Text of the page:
Sometimes, I think my descriptive writing looks a little like this. | Child Art Aged 2.5 Smiley Face with Writing Underneath (Photo credit: Wikipedia)

The Chuck Wendig/TerribleMinds writing exercise for today is to describe one thing in ten different ways. I decided I needed to attempt this one since description is NOT my strong suit. I chose to describe description:

Writing description, for me, 1) is like pulling teeth. Yes, cliché is often my go-to strategy. Don’t most of our brains take the path of least resistance most of the time? It’s 2) like a traffic jam when I’m already late (HA!)

Okay, now that I’m done dating myself, let’s proceed, shall we?

Writing description 3) is hard for me. Once in a great while, 4) it pours out of me as though someone has turned on the rusty description faucet in my head, full-blast, if only for a few minutes. Read the rest of this page »

Books are full of treasures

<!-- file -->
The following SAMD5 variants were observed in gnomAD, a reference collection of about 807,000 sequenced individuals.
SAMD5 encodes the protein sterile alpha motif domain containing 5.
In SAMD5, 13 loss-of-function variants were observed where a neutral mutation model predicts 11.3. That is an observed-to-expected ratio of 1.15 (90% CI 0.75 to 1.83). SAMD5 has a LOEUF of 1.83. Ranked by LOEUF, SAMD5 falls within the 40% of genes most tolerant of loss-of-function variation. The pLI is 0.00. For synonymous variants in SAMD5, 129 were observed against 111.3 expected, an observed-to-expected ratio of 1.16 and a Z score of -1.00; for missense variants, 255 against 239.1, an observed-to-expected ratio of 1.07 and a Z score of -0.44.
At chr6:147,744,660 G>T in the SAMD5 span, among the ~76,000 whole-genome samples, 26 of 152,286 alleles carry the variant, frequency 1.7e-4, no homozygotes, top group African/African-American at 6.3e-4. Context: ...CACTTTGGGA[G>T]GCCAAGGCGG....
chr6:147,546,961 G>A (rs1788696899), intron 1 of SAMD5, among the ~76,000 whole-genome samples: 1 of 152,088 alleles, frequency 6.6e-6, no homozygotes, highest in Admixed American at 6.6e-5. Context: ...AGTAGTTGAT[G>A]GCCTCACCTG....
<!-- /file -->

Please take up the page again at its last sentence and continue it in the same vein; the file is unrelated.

A dollar bill bookmark I found in a library book

I found this hundred dollar bill bookmark in a library book last night.

I love it when people leave surprises in library books. Last night, I opened a recently checked-out library book and found this cute little hundred dollar bill bookmark that someone had left in its middle. Did someone leave it there on accident, or was it a gift? I wonder how many treasures I have accidentally left in my library books when I’ve returned them?

Once in a while, I will purposely leave a real dollar bill in a book before I return it. Imagine the look on the next reader’s face when she finds money in her library book! I think that moment of excitement you feel when you find money, even if it’s only a dollar, is worth so much more than the dollar itself. I don’t mind investing in someone else’s moment of happiness once in a while. Read the rest of this page »

Keep That Smile: The Booker Wright Story

"Finding Booker's Place" aired on Dateline NBC

“Finding Booker’s Place” aired on Dateline NBC July 15, 2012.

This afternoon, I had the opportunity to attend a presentation titled, Keep that Smile: The Booker Wright Story at Moraine Park Technical College in West Bend, Wisconsin. The presentation was conducted by Booker Wright’s granddaughter, writer and filmmaker Yvette Johnson.